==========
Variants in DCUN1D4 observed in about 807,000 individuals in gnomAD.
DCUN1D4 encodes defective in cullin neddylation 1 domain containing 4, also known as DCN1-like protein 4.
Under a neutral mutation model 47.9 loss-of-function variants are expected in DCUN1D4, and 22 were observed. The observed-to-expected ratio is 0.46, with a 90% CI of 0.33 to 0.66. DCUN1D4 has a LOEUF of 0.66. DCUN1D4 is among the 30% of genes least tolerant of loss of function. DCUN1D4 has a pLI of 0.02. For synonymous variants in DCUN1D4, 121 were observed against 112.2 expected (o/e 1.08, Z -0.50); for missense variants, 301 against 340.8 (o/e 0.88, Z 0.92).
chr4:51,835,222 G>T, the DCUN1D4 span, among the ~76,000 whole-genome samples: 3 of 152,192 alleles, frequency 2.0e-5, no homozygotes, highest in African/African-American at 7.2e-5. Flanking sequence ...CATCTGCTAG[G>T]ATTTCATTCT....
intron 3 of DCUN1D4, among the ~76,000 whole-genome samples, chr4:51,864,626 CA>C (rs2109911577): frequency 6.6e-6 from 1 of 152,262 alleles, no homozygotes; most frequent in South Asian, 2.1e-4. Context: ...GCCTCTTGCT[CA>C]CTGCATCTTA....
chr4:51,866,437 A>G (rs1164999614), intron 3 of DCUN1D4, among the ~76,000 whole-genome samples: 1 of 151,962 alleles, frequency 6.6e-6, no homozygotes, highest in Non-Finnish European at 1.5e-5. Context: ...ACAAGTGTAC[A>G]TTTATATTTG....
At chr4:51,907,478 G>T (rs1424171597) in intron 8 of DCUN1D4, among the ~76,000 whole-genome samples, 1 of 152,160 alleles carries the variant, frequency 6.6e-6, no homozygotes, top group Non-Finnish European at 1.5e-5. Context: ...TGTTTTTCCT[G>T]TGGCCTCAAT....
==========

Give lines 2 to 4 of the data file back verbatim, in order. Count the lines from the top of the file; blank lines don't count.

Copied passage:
DCUN1D4 encodes defective in cullin neddylation 1 domain containing 4, also known as DCN1-like protein 4.
Under a neutral mutation model 47.9 loss-of-function variants are expected in DCUN1D4, and 22 were observed. The observed-to-expected ratio is 0.46, with a 90% CI of 0.33 to 0.66. DCUN1D4 has a LOEUF of 0.66. DCUN1D4 is among the 30% of genes least tolerant of loss of function. DCUN1D4 has a pLI of 0.02. For synonymous variants in DCUN1D4, 121 were observed against 112.2 expected (o/e 1.08, Z -0.50); for missense variants, 301 against 340.8 (o/e 0.88, Z 0.92).
chr4:51,835,222 G>T, the DCUN1D4 span, among the ~76,000 whole-genome samples: 3 of 152,192 alleles, frequency 2.0e-5, no homozygotes, highest in African/African-American at 7.2e-5. Flanking sequence ...CATCTGCTAG[G>T]ATTTCATTCT....